“The government allowed construction work to continue during the coronavirus crisis, but with a high rate of deaths related to COVID-19 when compared to other sectors, our employee’s health had to become a priority. Many tasks are carried out with a hands-on approach which can become problematic when several people are required to lift or carry heavy goods. This has meant that construction workers have had to take government guidelines exceptionally seriously, with businesses trying to keep construction workers away from sites for as long as possible.”

All construction sectors saw significant monthly declines in output in April 2020. Michael commented: “As a company, we work in the private industrial, commercial and new housing sectors of construction. As you can see in the figure provided by ONS, these have been the sectors with a higher decline in April. Thankfully with industries returning to work, slowly, we have been able to get back on track and currently have multiple projects in construction including housing, apartment blocks, warehouse refurb sites. This will hopefully reflect across the construction industry with businesses returning to construction sites.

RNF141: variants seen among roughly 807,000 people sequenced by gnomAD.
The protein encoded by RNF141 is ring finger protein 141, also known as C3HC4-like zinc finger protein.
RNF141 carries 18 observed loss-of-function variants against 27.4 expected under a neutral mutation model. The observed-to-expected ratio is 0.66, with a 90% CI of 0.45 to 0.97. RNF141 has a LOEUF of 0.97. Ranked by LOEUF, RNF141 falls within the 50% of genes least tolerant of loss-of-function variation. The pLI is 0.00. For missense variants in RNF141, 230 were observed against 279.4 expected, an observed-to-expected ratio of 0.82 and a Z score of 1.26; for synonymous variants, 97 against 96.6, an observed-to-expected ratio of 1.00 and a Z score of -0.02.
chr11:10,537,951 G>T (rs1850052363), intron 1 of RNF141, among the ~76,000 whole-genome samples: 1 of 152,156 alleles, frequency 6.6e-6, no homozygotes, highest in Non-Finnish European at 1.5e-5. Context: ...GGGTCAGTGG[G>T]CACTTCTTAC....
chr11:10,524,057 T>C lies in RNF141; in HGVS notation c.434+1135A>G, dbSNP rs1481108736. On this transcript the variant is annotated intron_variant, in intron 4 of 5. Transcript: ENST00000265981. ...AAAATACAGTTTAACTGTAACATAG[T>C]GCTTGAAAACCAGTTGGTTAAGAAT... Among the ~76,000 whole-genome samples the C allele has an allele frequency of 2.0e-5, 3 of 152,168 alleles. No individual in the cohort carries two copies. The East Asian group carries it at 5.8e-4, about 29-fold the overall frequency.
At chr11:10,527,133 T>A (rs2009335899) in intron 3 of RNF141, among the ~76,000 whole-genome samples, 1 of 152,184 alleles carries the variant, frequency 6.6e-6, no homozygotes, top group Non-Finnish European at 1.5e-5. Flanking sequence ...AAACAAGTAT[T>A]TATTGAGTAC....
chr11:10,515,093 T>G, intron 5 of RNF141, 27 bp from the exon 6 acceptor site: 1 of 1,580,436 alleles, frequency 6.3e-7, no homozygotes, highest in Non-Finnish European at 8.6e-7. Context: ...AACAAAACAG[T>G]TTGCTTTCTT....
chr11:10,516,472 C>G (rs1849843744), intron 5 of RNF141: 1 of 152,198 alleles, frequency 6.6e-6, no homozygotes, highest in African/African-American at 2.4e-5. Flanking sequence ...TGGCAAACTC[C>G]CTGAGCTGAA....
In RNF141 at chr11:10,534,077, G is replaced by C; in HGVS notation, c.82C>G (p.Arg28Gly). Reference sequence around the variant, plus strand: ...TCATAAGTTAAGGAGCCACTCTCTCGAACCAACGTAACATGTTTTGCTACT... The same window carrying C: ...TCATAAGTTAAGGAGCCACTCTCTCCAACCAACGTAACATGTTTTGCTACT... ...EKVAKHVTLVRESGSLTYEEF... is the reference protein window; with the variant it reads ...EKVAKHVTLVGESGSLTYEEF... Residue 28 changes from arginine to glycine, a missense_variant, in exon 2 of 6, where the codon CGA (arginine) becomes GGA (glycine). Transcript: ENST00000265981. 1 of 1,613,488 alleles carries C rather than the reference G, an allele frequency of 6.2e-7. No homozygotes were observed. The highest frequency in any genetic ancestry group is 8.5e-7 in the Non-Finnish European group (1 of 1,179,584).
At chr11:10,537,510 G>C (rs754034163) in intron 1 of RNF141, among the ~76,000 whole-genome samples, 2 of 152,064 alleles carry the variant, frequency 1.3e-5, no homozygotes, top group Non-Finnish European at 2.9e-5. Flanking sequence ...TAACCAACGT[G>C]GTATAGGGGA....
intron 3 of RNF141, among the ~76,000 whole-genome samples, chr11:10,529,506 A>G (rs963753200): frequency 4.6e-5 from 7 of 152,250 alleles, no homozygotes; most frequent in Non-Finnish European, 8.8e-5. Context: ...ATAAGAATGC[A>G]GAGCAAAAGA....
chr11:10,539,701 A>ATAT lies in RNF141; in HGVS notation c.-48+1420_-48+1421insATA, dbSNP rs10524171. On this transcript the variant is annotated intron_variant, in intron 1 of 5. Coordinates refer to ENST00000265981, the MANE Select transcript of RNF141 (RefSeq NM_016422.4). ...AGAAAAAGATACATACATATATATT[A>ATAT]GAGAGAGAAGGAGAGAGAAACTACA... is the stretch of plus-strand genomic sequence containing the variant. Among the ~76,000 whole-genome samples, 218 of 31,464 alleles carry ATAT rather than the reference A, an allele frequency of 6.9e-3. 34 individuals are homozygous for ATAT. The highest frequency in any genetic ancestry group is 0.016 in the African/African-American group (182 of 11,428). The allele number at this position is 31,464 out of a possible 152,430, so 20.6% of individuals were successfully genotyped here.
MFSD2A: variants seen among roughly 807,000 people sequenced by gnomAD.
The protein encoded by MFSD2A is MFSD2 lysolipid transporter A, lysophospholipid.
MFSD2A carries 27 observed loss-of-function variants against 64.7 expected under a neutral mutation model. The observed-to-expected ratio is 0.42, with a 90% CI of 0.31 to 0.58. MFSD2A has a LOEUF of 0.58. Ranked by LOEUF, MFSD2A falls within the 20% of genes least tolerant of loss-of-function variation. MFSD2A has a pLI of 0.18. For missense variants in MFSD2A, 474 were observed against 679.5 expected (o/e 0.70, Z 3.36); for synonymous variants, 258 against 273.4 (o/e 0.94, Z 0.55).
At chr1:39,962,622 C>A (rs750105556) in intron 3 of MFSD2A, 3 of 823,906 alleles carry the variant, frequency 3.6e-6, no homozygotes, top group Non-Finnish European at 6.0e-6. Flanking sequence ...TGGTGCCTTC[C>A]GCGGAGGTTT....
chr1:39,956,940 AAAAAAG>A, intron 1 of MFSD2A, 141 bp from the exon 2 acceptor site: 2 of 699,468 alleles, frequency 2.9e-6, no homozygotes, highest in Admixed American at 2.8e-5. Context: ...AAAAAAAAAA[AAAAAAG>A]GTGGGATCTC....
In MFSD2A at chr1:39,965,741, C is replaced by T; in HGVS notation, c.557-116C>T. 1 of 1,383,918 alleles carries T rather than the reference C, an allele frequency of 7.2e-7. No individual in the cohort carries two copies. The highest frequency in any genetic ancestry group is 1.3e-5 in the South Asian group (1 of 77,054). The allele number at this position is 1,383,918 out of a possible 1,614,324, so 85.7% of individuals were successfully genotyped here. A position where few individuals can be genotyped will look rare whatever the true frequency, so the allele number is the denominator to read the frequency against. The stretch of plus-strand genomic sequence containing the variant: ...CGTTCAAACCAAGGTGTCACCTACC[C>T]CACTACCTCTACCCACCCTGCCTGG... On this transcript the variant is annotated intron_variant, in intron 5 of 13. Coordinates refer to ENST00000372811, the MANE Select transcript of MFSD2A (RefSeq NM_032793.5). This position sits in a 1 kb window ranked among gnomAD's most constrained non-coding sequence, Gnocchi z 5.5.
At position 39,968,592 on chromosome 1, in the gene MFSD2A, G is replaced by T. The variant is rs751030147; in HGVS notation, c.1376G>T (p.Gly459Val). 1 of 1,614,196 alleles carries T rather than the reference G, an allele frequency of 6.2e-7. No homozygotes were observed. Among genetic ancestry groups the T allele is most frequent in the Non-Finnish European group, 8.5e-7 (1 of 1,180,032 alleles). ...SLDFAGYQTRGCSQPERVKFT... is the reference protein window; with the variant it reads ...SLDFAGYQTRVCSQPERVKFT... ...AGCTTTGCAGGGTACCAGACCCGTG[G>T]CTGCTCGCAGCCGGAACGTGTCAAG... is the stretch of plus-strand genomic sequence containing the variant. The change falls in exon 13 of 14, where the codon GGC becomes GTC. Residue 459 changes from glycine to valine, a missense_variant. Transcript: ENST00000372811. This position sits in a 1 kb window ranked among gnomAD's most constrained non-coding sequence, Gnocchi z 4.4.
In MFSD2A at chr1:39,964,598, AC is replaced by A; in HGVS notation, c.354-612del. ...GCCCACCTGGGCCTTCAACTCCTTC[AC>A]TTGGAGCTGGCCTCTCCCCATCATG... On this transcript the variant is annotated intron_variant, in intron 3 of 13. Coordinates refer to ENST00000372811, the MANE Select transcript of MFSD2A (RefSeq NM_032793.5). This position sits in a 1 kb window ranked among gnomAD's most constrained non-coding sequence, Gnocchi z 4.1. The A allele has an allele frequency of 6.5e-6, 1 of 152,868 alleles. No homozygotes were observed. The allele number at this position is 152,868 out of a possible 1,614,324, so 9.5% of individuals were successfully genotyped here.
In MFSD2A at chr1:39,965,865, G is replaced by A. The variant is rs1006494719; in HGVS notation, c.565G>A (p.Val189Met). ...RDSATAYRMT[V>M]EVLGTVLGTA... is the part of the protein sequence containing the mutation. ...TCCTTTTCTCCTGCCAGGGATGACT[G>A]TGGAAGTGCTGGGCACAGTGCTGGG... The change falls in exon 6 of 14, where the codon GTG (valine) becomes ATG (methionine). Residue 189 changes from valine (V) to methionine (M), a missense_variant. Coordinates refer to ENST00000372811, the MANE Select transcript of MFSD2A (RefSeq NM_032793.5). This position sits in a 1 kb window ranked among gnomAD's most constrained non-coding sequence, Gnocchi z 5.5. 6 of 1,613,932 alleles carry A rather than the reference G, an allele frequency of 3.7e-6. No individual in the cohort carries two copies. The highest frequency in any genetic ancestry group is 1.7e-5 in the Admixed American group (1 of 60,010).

“With many industries now returning back to work following Boris Johnson full roadmap to ease the UK out of lockdown, I predict we will see a peak in construction output. There has been many government support schemes providing businesses with a lifeline to bounce back after lockdown, allowing construction companies to get back to work. We have seen a 50% increase in work since March’s lockdown measures were introduced and look forward to getting on-site and helping our clients bring their ideas to back to life.”

However, one of the main concerns still around returning to work is how workers can maintain safety through social distancing on construction sites. With social distancing being a core concept in keeping construction workers safe, it’s essential that technology can be incorporated so the government advice can be followed.